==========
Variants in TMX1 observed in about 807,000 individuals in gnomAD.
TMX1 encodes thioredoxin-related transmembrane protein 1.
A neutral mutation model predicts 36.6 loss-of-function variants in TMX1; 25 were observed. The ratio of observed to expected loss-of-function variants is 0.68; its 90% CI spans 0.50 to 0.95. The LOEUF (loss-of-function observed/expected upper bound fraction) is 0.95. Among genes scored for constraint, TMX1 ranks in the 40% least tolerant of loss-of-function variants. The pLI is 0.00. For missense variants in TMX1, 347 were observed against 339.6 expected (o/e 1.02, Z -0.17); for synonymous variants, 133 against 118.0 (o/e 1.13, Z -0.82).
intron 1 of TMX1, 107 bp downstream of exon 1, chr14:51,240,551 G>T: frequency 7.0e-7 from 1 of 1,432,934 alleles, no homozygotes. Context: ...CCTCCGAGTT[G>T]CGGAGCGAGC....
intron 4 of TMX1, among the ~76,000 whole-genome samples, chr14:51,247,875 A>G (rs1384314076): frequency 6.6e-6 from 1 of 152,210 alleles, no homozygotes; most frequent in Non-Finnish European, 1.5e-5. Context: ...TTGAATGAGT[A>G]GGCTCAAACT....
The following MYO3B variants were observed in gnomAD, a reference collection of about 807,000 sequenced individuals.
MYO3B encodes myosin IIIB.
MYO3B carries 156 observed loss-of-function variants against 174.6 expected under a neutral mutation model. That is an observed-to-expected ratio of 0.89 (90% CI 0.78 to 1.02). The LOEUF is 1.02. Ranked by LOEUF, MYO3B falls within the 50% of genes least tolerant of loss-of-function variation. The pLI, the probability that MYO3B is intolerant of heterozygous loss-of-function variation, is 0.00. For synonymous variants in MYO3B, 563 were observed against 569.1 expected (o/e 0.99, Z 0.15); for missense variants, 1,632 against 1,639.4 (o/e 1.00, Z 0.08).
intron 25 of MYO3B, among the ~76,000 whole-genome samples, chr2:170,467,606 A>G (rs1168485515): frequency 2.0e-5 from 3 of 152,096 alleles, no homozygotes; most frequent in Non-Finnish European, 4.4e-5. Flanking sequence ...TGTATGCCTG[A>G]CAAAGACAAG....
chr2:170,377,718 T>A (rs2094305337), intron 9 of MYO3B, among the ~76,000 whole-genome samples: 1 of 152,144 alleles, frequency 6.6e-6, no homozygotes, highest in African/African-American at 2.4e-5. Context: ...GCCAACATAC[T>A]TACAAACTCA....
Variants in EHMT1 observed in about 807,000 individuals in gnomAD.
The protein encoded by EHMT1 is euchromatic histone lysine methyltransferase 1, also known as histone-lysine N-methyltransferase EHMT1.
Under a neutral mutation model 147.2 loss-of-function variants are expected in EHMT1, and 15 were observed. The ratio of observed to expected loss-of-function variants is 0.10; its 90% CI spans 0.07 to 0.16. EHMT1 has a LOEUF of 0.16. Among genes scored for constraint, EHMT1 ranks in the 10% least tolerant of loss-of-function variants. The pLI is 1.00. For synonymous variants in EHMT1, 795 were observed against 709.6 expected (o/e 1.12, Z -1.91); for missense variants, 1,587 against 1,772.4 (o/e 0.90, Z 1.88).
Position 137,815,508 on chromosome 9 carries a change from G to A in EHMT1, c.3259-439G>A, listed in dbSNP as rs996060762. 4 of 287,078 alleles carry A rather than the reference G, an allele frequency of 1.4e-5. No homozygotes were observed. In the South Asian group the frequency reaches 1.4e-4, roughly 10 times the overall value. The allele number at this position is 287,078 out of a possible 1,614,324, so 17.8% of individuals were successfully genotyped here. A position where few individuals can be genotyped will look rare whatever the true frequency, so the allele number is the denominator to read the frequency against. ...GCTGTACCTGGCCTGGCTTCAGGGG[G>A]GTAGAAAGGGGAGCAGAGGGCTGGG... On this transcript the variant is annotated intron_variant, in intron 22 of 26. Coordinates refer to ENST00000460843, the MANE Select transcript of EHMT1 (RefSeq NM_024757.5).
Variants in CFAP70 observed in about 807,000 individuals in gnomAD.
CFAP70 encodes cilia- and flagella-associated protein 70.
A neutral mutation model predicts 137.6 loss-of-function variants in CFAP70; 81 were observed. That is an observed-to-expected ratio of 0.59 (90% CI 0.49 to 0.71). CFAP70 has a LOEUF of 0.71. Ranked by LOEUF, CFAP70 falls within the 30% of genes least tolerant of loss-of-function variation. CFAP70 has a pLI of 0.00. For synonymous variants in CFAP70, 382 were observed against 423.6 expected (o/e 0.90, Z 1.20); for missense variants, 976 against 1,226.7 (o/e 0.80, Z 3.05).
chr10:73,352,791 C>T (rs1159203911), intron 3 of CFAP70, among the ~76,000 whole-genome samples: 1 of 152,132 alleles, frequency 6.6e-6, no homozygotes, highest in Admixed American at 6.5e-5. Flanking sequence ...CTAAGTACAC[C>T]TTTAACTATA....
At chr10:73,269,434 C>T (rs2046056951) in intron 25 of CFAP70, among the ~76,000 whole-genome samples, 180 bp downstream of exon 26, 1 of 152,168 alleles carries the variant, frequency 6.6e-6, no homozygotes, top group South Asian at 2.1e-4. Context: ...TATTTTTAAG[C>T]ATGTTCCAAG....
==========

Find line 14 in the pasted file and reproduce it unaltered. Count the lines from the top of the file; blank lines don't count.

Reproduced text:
Position 137,815,508 on chromosome 9 carries a change from G to A in EHMT1, c.3259-439G>A, listed in dbSNP as rs996060762. 4 of 287,078 alleles carry A rather than the reference G, an allele frequency of 1.4e-5. No homozygotes were observed. In the South Asian group the frequency reaches 1.4e-4, roughly 10 times the overall value. The allele number at this position is 287,078 out of a possible 1,614,324, so 17.8% of individuals were successfully genotyped here. A position where few individuals can be genotyped will look rare whatever the true frequency, so the allele number is the denominator to read the frequency against. ...GCTGTACCTGGCCTGGCTTCAGGGG[G>A]GTAGAAAGGGGAGCAGAGGGCTGGG... On this transcript the variant is annotated intron_variant, in intron 22 of 26. Coordinates refer to ENST00000460843, the MANE Select transcript of EHMT1 (RefSeq NM_024757.5).